3 Unconventional Ways to Use Vocal Samples

by Daniel Dixon, iZotope Contributor

January 29, 2018

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Vocal samples are some of the most versatile sounds to work with. They can be easily cut, stretched, and transposed to fit just about any genre or style. As a primer, listen to Burial and J Dilla, two masters of vocal sampling.

It’s a small, but fun challenge to edit vocal samples so they don’t sound anything like lyrics or their source material. In general, using sounds as they weren’t intended to be used brings a lot of satisfaction, especially when their application is common.

In this article, I’ll show you three unconventional ways to use vocal samples in your music. I’ll be using this vocal sample for all three examples:

Arpeggiate vocal samples

Arpeggiators are commonly associated with 80s basslines and dramatic sci-fi synths. But they can also be used effectively for creative vocal patterns.

Things can start sounding silly pretty quickly, so it’s best to start with low parameter settings for rate, steps, and gate, then move your way up.

Drag a vocal sample into your DAW sampler and add an arpeggiator. I’m using Ableton Live:

Simpler

Quick note: arpeggiators only generate MIDI data, so they won’t work on audio tracks. While a default pattern triggers the vocal, single out an exciting moment using the sample start and end. Next, draw out some melodies or chords.

Arp Melodies

This is what I came up with. It’s a simple four-chord progression with a 1/4 note arpeggiation rate. I recorded some sample start automation so the vocal sounds slightly different every few notes. I added some reverb, too.  

I duplicated the track and changed the second arpeggiation rate to a 1/4 note to provide a counter rhythm to the first clip. For a more abstract sound, I added VocalSynth, using a slightly modified Dark Echoes preset. The second vocal is now rougher and metallic sounding, with a dubby vibe caused by delay.

VocalSynth Screenshot

The arpeggiated vocals act as the rhythmic backbone which can you build the rest of your track around.

Reverse reverbs

Adding a reverse reverb to a vocal sample is a quick trick that will give vocals a haunting quality. It’s helpful when you want to prepare listeners for a new section of your song, or complement specific vocal passages.  

To start, drag a vocal into your DAW and reverse it. In Ableton, simply click the sample, then click Rev.

Reverse

Add a reverb with a long tail (a five or more second echo after the sample), then record the vocal sample onto a new track and reverse the new recording. The vocal should now play forward as originally intended, but the long reverb will be in reverse, creating a swelling effect leading into the sample.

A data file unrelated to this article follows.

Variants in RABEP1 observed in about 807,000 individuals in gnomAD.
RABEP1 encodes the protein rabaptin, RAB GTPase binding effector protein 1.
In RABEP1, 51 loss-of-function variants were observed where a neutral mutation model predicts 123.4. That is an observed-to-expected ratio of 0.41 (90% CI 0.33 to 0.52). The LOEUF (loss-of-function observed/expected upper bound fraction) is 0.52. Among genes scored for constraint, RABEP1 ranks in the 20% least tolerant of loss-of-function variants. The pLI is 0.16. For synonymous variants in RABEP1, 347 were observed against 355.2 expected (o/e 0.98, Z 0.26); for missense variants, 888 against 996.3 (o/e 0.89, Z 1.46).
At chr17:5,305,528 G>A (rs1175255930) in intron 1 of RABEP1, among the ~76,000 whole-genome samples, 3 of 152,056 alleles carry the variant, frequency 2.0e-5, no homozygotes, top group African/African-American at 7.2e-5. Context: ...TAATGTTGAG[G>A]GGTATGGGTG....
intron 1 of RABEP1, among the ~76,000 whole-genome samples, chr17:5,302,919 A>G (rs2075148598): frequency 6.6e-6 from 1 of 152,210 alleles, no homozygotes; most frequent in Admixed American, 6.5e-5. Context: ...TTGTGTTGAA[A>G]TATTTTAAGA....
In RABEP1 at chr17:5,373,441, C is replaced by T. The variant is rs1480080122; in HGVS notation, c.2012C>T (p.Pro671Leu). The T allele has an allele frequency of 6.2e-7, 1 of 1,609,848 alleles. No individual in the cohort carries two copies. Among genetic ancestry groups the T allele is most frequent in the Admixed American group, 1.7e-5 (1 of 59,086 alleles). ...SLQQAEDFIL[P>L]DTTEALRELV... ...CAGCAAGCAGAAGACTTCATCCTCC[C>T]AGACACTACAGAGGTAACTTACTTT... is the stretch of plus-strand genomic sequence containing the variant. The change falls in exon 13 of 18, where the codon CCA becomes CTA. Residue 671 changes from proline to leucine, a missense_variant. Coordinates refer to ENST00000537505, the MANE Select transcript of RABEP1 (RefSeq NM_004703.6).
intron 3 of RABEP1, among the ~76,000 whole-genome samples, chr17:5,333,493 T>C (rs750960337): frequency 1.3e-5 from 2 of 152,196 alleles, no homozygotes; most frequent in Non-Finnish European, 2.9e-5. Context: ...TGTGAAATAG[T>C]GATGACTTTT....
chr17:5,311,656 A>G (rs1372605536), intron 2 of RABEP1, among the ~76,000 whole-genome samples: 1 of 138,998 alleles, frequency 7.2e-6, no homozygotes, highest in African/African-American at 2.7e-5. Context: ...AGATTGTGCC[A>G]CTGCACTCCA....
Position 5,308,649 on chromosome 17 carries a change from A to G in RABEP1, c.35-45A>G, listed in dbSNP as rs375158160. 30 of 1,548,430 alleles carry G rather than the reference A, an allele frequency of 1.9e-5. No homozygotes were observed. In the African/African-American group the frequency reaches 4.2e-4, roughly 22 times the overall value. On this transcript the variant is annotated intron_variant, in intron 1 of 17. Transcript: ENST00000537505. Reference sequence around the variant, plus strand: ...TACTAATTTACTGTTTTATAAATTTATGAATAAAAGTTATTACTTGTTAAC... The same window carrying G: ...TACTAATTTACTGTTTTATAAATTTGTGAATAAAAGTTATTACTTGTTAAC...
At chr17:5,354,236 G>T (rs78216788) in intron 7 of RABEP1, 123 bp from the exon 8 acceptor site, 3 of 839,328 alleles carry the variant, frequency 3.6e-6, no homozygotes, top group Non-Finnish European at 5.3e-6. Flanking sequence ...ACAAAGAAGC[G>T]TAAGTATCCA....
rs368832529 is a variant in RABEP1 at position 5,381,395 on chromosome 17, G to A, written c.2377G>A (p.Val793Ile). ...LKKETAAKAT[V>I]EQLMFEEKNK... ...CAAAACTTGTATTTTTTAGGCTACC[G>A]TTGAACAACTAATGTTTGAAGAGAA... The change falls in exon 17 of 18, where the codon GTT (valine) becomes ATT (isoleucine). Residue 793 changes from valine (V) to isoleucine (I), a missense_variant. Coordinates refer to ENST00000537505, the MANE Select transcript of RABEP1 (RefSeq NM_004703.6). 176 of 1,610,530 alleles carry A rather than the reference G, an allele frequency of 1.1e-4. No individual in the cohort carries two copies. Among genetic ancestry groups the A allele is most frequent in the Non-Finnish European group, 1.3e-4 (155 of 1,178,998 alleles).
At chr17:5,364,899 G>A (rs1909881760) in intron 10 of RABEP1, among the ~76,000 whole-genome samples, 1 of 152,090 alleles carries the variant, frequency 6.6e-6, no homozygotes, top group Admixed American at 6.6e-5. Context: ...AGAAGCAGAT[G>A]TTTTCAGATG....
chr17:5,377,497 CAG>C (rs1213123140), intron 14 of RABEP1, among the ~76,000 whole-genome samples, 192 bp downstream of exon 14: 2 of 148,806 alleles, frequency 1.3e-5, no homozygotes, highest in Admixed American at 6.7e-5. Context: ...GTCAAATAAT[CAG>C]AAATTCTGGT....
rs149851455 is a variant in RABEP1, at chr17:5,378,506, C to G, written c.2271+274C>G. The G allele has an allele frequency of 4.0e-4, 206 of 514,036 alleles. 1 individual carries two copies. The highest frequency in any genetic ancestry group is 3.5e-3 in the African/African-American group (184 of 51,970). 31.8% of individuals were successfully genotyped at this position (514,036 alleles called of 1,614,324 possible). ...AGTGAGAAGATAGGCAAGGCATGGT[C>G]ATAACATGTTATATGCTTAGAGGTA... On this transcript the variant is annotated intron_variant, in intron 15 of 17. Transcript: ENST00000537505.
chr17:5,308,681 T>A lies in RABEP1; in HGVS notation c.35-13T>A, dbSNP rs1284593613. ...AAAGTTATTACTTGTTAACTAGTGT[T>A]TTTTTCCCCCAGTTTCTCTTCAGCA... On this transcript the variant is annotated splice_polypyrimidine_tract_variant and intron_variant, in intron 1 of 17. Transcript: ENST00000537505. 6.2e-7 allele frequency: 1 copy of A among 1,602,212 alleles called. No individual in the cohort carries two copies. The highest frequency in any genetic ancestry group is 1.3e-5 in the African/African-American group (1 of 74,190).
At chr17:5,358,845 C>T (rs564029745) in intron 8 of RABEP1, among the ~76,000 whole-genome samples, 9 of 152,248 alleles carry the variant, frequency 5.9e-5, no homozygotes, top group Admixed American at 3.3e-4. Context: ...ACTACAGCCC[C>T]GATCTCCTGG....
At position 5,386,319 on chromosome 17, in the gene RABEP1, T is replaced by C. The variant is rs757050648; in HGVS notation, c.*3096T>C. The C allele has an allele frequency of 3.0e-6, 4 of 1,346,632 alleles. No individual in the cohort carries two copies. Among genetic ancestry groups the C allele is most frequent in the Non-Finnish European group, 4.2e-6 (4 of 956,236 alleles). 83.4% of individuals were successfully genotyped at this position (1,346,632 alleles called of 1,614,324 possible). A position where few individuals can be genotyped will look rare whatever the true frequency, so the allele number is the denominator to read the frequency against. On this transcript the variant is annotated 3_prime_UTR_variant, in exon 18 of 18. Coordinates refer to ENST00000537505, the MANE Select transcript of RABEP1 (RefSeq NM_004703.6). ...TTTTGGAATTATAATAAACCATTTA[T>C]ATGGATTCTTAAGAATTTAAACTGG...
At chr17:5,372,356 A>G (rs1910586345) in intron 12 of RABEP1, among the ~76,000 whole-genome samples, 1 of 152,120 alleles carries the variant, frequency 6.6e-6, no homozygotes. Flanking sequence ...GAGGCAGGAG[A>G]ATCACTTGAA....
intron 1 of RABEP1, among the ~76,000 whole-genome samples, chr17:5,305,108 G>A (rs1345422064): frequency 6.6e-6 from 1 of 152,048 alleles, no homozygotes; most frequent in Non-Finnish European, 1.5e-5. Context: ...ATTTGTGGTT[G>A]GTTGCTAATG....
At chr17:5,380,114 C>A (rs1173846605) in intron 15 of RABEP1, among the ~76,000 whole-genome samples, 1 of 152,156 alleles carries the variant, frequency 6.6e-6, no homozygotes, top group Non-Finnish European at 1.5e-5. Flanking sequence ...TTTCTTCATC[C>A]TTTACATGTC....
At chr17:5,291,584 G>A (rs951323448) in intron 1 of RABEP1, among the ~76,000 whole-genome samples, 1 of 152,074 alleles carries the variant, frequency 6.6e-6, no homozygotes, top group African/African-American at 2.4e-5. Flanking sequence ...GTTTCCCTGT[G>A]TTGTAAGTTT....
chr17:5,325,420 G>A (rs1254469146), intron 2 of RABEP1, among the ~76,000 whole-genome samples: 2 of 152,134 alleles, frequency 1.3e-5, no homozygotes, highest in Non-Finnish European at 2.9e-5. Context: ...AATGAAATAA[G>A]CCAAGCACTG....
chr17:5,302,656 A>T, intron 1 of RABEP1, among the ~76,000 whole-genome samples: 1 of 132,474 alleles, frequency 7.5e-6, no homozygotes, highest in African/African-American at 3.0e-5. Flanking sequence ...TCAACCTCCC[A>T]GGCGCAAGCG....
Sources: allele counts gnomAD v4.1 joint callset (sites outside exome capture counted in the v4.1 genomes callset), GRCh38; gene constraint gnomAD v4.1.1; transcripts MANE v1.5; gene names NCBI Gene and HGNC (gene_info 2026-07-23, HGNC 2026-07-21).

Record with text

I used a short snippet from the vocal sample above and added a reverb with a six second decay time.

Re-recorded and reversed, with the words trimmed out, leaving only the swell.

For a slightly different version, I processed the sample with VocalSynth, giving it a more synthetic quality.

Strategically place reverse reverbs in your track whenever you need an energy boost. This could be before a main melody, bassline, or impact. Feel free to try out this method with non-vocal samples too.

Create a new instrument

One of the best feelings as a music producer is creating a sound you have never heard before. Treating your vocal sample as an instrument is one way to make this happen.

This method is the most fun when you do away with conventional vocal processing and explore parameter extremes. All the imperfections and unique tonal characteristics of the vocal sample will rise to the surface, and you’ll get a whole new perspective on the sound you’re working with.  

Find a moment in your vocal sample that stands out and drag it into a DAW sampler. If you experience any pops or clicks, zoom into the waveform and adjust the start and end of the vocal so it sits on the zero point. Alternatively, you can add a short fade on either side.

Sustained notes that are also vowels will produce more ambient instruments, but feel free to experiment.

Here is a basic descending melody:

Descending Melody

On its own, the sample sounds dry and lacks character. Here’s where VocalSynth comes in. I’m using the Petan Tonic preset, with additional formant filtering and pitch variation.

When you want to move into new sonic territory, VocalSynth is a helpful tool. It can create really wild and unpredictable sounds that you can later dial down to something more functional.  

There are still shreds of a vocal buried in there, but it comes out sounding much more like a modern soft synth. To clean things up, I removed some bottom end with EQ and reduced the filter frequency to around 11 kHz. I also added an LFO that controls filter frequency, creating a sweeping effect.

In three main steps, I’m able to turn a basic vocal sample into something that sounds quite different. If you record your own vocals for this one, you’ll really be making music that no one else can.

Wrapping up

Vocals are great sound sources for twisting and shaping into new forms. If you aren’t using vocals as a focal point in your music, you can ignore the correct way (if that even exists) to mix vocals, and simply mess around until you get something you like.

That being said, vocals can be fussy, so work with the vocal to pull out it’s best qualities. Hopefully these three examples have given you some inspiration to develop your own vocal editing tricks.

Learn more about mixing vocals:

 

 

 

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